On July 1, 2012, Clayton Spencer became the eighth president of Bates since the college’s founding in 1855. She was elected to the position by the Bates College Board of Trustees on Dec. 3, 2011.
2011–12 (interim) | Nancy J. Cable
Nancy J. Cable assumed duties as interim president on July 1, 2011. On July 1, 2012 she returned to a position as a vice president, serving as senior adviser to President Clayton Spencer.
Cable joined Bates in 2010 as vice president and dean of enrollment and external affairs, with responsibility for strategic enhancement in admission, financial aid, career development, and college communications, marketing and positioning. Cable has built a national reputation in higher education, compiling a distinguished record of senior leadership at highly regarded colleges and universities and in various national higher education organizations.
She began her career in 1977 at Denison University, where she served as associate dean of students and director of the career development center and graduate student advising. In 1987 she joined Guilford College as vice president for student development and dean of students. In 1992 she became vice president and dean of admission and financial aid at Davidson College. She came to Bates from a senior leadership position at the University of Virginia.
2002–11 | Elaine Tuttle Hansen
Elaine Tuttle Hansen became the college’s seventh president in 2002 and served until 2011. A former professor of English and provost at Haverford College, she worked to enhance the traditional strengths of Bates: open and intense intellectual inquiry; individualized student and faculty interactions in a historic residential setting; and a community unified by the ethical principles of integrity, egalitarianism, and social responsibility. During her presidency, the college developed greater resources for financial aid, increased diversity of the faculty and student body, strengthened environmental sustainability and stewardship, and made technological advances. Hansen undertook a range of institutional planning initiatives, including facilities master planning and academic planning.
Under Hansen, a collaborative process of strategic thinking about Bates’ future prompted the college to pursue a deeper integration of ideas and practices in the areas of arts, natural science and mathematics, and learning across the entire Bates experience. Hansen appointed teams of faculty and administrators to lead the work for each major component of the plan. By 2011, Hansen had guided Bates through Phase I of its ambitious Campus Facilities Master Plan. A new residence hall for 150 students at the foot of Mount David opened in August 2007. A new dining Commons, opened in February 2008, preserves the Bates tradition of centralized student dining. The renovation and expansion of historic Roger Williams Hall and Hedge Hall, completed in 2011, has created new academic facilities, including state-of-the-art classrooms, faculty offices, study areas, computer labs, lounges, and administrative spaces.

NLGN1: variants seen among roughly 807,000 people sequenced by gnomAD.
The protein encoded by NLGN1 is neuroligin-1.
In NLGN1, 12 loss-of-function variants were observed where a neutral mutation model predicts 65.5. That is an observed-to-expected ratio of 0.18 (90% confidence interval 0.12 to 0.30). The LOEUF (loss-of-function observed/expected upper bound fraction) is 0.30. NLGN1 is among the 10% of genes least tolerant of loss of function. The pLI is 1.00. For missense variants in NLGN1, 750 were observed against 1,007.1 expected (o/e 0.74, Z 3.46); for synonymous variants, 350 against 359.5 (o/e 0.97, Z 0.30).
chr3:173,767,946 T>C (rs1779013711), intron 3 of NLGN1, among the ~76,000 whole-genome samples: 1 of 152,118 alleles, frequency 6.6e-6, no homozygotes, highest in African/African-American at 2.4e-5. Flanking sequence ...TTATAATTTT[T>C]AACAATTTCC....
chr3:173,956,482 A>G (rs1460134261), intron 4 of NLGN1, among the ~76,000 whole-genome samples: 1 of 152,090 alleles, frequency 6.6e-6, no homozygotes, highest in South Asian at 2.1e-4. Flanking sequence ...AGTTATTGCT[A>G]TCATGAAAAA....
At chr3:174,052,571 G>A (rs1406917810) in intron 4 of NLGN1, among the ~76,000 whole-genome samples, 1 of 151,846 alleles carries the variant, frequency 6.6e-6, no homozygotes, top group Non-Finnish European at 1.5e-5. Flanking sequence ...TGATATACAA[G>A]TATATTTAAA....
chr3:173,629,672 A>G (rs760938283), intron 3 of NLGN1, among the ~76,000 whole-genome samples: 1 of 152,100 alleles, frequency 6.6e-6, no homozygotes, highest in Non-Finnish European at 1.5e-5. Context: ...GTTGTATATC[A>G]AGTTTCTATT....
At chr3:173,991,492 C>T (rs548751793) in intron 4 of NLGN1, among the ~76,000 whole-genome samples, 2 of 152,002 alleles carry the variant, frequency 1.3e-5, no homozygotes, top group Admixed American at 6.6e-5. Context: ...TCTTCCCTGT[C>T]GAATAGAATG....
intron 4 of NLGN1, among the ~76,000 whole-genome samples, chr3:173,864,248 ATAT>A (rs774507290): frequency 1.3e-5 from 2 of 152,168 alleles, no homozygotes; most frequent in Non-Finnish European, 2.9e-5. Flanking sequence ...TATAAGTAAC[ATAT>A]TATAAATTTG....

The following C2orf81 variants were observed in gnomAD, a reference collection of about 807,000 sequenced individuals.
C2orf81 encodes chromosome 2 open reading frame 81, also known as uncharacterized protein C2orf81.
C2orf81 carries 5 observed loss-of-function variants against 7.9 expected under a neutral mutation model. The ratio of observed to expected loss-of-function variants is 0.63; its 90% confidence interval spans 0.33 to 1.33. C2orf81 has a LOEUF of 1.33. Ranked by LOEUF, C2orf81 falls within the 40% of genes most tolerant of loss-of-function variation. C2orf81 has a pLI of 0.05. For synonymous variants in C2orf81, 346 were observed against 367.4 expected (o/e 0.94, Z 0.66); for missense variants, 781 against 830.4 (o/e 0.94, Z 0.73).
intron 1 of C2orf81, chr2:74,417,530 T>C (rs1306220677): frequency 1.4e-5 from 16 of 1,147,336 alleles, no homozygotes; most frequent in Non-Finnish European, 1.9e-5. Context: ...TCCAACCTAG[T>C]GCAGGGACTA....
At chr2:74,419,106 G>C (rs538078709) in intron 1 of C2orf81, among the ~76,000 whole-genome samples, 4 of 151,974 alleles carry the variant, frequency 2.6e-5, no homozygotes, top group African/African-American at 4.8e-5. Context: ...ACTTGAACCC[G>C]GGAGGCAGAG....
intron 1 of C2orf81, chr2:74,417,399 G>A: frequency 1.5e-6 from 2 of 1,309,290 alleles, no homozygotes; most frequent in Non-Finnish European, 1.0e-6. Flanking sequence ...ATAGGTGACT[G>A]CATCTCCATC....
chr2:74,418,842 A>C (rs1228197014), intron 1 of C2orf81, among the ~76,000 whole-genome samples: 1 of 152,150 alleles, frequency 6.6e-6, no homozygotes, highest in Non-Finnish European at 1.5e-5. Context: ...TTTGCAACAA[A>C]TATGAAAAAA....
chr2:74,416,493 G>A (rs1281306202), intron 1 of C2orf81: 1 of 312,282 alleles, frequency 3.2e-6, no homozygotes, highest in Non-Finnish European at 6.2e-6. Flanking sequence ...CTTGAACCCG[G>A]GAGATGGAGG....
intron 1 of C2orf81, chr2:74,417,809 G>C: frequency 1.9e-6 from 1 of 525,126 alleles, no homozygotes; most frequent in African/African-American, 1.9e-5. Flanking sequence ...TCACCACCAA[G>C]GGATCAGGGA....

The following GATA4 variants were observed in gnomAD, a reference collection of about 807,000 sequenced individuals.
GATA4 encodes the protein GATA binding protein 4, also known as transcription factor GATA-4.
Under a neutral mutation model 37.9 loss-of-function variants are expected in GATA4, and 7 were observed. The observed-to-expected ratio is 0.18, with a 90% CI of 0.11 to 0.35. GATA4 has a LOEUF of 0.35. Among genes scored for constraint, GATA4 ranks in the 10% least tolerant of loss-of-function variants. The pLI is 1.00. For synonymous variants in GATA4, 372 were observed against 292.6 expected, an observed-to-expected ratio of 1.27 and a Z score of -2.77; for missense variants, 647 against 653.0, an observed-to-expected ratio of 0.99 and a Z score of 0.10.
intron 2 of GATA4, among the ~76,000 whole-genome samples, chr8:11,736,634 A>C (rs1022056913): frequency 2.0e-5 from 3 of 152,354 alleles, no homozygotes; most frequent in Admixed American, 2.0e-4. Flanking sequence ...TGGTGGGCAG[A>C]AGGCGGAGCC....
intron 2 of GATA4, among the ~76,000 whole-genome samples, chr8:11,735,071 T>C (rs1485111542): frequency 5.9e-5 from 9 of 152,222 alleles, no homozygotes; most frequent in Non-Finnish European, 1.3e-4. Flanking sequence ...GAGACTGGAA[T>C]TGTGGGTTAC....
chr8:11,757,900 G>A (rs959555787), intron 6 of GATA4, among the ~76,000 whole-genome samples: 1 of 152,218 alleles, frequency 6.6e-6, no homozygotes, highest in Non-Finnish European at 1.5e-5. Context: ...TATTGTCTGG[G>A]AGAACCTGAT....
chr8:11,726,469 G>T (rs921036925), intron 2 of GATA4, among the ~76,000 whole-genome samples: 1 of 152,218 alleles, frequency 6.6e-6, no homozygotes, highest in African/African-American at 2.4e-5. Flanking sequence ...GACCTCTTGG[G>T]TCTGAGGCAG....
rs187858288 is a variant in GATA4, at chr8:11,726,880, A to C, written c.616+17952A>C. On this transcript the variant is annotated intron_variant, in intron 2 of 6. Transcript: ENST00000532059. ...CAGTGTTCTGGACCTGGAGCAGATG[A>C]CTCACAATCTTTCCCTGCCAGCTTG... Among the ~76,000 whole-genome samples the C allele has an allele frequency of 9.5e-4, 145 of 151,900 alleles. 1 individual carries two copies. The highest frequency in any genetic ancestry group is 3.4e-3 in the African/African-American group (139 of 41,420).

1989–2002 | Donald West Harward
In 1989, an observer of the Hedley Reynolds presidency noted that Bates was somewhat isolated geographically and by temperament. Could the next president, it was asked, open Bates up to the challenges and problems facing the rest of the world?
As Bates’ sixth president from 1989 to 2002, Donald West Harward answered that question by affirming the important idea that “learning is a moral activity that carries responsibility beyond the self.” Harward helped Bates see how traditional College values of egalitarianism and social justice created a moral imperative to connect academically to the world beyond Bates. Students achieved greater opportunities to study and conduct research off campus and with their professors, and the capstone thesis program enjoyed greater integration with the rest of the academic offering.
Harward oversaw the creation of two dozen new academic programs, giving faculty the proper resources to investigate the new questions emerging where traditional disciplines bumped into each other. “You can’t just study the molecular structure of a substance,” he would say as an example, “without learning about the people who might be using the substance to create things that can destroy our environment.”
Under Harward, Bates for the first time in many years reached out institutionally to the Lewiston-Auburn community. Bates faculty and students built relationships with the community through one of the most active service-learning programs in the country. As a college, Bates has played a leadership role in the strategic alliance of community leaders known as LA Excels. While upholding the notion that a College’s intellectual activity must remain for the most part cloistered, he would help Bates provide a national model for ways colleges and universities can nevertheless connect to and support their local communities.